The proposal for a new Ukraine Facility was designed with the specific objective of replacing support provided under NDICI, in order to avoid repercussions on other key development programs, which are already under pressure. It follows that the €1.5 billion currently set aside for Ukraine in the cushion – namely the interest rate subsidy for MFA loans and the provisioning of the EIB repurposed loans – should be covered under the future Ukraine Facility from 2024 onwards. This would free up much-needed resources for development and climate objectives.

Ensure Migration Spending Tackles the Root Causes of Migration and Forced Displacement

  • Ensure that funding earmarked for migration is channelled through programs that prioritise ending poverty, building the resilience of refugees and host communities, advancing human rights, and creating safe and regular ways for people seeking asylum to reach Europe.

The context in Neighbourhood South countries worsened in the last years, due to long-standing conflicts, socio-economic crises, deteriorating climatic conditions, the prolonged consequence of the COVID-19 pandemic, and the war in Ukraine.

The earthquakes in Türkiye in February further exacerbated an already dire situation. All these factors are impacting the lives of refugees and asylum seekers, and host communities, who have reduced access to essential services and livelihood opportunities. The EU must provide support to address the ongoing challenges refugees, asylum seekers, and host communities face, focusing on building resilience of people and communities while contributing to social cohesion.

Provide Additional Funding for the Humanitarian Budget Line and Ensure the Solidarity and Emergency Aid Reserve is Fit for the Future

  • Ensure that additional resources are mobilised for the humanitarian aid budget line.
  • Support the €2.5 billion increase proposed for the instrument and ensure that the SEAR remains additional to the humanitarian aid budget line.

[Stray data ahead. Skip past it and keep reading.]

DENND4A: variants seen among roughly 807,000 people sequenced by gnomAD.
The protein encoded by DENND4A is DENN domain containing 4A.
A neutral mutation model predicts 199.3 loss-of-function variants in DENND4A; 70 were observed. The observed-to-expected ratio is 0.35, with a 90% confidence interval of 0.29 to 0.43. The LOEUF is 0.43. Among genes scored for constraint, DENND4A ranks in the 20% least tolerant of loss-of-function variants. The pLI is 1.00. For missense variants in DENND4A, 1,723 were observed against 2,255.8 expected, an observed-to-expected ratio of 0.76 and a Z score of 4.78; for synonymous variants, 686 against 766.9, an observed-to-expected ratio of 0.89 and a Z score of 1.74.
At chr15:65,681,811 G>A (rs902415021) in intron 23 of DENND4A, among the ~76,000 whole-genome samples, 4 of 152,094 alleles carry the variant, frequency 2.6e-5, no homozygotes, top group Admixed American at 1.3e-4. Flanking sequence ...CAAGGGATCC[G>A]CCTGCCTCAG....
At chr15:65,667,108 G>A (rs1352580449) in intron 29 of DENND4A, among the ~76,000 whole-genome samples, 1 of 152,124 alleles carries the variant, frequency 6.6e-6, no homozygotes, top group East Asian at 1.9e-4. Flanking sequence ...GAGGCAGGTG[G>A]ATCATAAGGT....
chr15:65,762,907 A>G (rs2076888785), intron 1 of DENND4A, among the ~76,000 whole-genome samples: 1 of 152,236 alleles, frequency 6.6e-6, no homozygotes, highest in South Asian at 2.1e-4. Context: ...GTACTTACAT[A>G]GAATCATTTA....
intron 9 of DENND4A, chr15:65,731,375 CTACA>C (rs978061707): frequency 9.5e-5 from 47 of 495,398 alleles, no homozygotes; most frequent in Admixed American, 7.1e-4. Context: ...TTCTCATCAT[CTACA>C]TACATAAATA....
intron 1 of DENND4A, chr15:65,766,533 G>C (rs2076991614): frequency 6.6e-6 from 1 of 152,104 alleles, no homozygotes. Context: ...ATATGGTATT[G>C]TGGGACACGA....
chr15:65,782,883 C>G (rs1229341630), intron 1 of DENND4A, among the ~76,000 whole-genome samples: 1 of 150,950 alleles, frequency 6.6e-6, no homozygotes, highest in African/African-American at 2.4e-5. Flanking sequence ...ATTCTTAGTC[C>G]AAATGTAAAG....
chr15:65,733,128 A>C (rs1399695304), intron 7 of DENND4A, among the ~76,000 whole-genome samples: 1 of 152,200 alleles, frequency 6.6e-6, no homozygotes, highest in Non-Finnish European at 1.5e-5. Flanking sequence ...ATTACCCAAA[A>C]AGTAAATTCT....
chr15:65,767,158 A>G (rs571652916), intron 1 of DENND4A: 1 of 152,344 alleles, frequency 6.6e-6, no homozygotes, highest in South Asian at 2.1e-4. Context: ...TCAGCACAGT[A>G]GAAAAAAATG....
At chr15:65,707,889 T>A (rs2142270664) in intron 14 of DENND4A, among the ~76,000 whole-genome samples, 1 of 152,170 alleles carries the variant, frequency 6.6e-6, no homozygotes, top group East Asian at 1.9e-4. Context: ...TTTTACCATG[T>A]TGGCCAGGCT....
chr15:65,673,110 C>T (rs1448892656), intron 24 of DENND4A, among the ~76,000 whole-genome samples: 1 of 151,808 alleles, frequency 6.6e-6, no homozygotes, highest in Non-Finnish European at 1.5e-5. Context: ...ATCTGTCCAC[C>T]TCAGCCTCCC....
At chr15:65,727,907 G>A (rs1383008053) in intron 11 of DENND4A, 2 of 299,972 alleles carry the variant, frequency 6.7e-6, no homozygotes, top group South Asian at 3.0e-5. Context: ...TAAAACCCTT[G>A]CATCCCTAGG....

• Ensure that the SEAR can be mobilised for sudden-onset crises outside the EU throughout the whole financial year, in line with its initial purpose. This can be done by allocating to the humanitarian aid budget line:
    • All the SEAR funds earmarked for external crises.
    • All the SEAR funds remaining on the 1st of September.
    • At least 35% of the SEAR end-of-year cushion, available from the 1st of October.

Despite increasing humanitarian needs, midway through 2023, the global humanitarian appeal has only been 20% funded, leaving a funding gap of $44 billion. This global humanitarian funding gap is reflected at the EU level. In 2024 and until the end of the current MFF, an annual humanitarian budget of €2.6 billion would be the bare minimum for DG ECHO to continue supporting all of the programs currently run by its partners – far above the current annual €1.6 billion remaining for the humanitarian budget line.

Additional resources should be mobilised for the humanitarian aid budget line, so that DG ECHO can continue supporting all the programs currently run by its partners. A direct additional increase to HUMA would ensure that the SEAR can fulfil its role to provide funding for sudden-onset crises outside of the EU throughout the entire financial year, as well as ensure that sufficient funding is mobilised for development priorities.

The complementarity of humanitarian and development assistance is key to ensuring that people in need have access to lifesaving assistance while developing long-term resilience to shocks and crises.

Fully Equip the Flexibility Instrument to Respond to Unforeseen Needs

  • Support the €3 billion top-up to the Flexibility Instrument.

The Flexibility Instrument provides vital additional resources for key EU priorities and has been a lifeline in times of crises. Given that past years’ allocations have been totally exhausted and amounts are already earmarked for future years, the top-up is now vital to respond to the next unforeseen events.

Tackling the greatest challenges of our time – from the climate crisis, hunger and food insecurity, conflicts, growing inequalities, child survival, pandemic threats, human rights violations, and gender inequality – will require full commitment on behalf of the EU. Strengthening the EU’s partnerships is a smart investment in Europe’s stability and future and the above recommendations will put the EU closer to the realisation of the Sustainable Development Goals and the Paris Agreement.